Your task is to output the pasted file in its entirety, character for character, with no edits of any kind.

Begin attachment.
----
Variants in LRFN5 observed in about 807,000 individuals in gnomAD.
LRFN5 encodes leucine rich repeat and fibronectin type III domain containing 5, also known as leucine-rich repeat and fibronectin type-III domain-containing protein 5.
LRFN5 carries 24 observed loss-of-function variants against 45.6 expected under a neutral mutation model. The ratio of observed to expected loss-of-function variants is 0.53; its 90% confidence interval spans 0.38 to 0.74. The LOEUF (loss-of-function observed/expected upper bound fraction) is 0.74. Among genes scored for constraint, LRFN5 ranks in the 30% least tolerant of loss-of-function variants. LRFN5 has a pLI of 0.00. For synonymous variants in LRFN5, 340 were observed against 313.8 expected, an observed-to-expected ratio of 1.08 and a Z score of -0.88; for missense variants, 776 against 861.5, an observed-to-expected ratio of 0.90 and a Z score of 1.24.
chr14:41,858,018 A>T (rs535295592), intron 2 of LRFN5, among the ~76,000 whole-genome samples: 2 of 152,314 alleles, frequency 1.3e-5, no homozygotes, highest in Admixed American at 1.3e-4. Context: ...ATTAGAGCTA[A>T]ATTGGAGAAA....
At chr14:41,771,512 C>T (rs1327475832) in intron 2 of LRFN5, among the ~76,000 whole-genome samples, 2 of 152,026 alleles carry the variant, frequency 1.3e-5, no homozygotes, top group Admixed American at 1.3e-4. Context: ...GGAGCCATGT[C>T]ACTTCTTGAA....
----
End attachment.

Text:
Variants in LRFN5 observed in about 807,000 individuals in gnomAD.
LRFN5 encodes leucine rich repeat and fibronectin type III domain containing 5, also known as leucine-rich repeat and fibronectin type-III domain-containing protein 5.
LRFN5 carries 24 observed loss-of-function variants against 45.6 expected under a neutral mutation model. The ratio of observed to expected loss-of-function variants is 0.53; its 90% confidence interval spans 0.38 to 0.74. The LOEUF (loss-of-function observed/expected upper bound fraction) is 0.74. Among genes scored for constraint, LRFN5 ranks in the 30% least tolerant of loss-of-function variants. LRFN5 has a pLI of 0.00. For synonymous variants in LRFN5, 340 were observed against 313.8 expected, an observed-to-expected ratio of 1.08 and a Z score of -0.88; for missense variants, 776 against 861.5, an observed-to-expected ratio of 0.90 and a Z score of 1.24.
chr14:41,858,018 A>T (rs535295592), intron 2 of LRFN5, among the ~76,000 whole-genome samples: 2 of 152,314 alleles, frequency 1.3e-5, no homozygotes, highest in Admixed American at 1.3e-4. Context: ...ATTAGAGCTA[A>T]ATTGGAGAAA....
At chr14:41,771,512 C>T (rs1327475832) in intron 2 of LRFN5, among the ~76,000 whole-genome samples, 2 of 152,026 alleles carry the variant, frequency 1.3e-5, no homozygotes, top group Admixed American at 1.3e-4. Context: ...GGAGCCATGT[C>T]ACTTCTTGAA....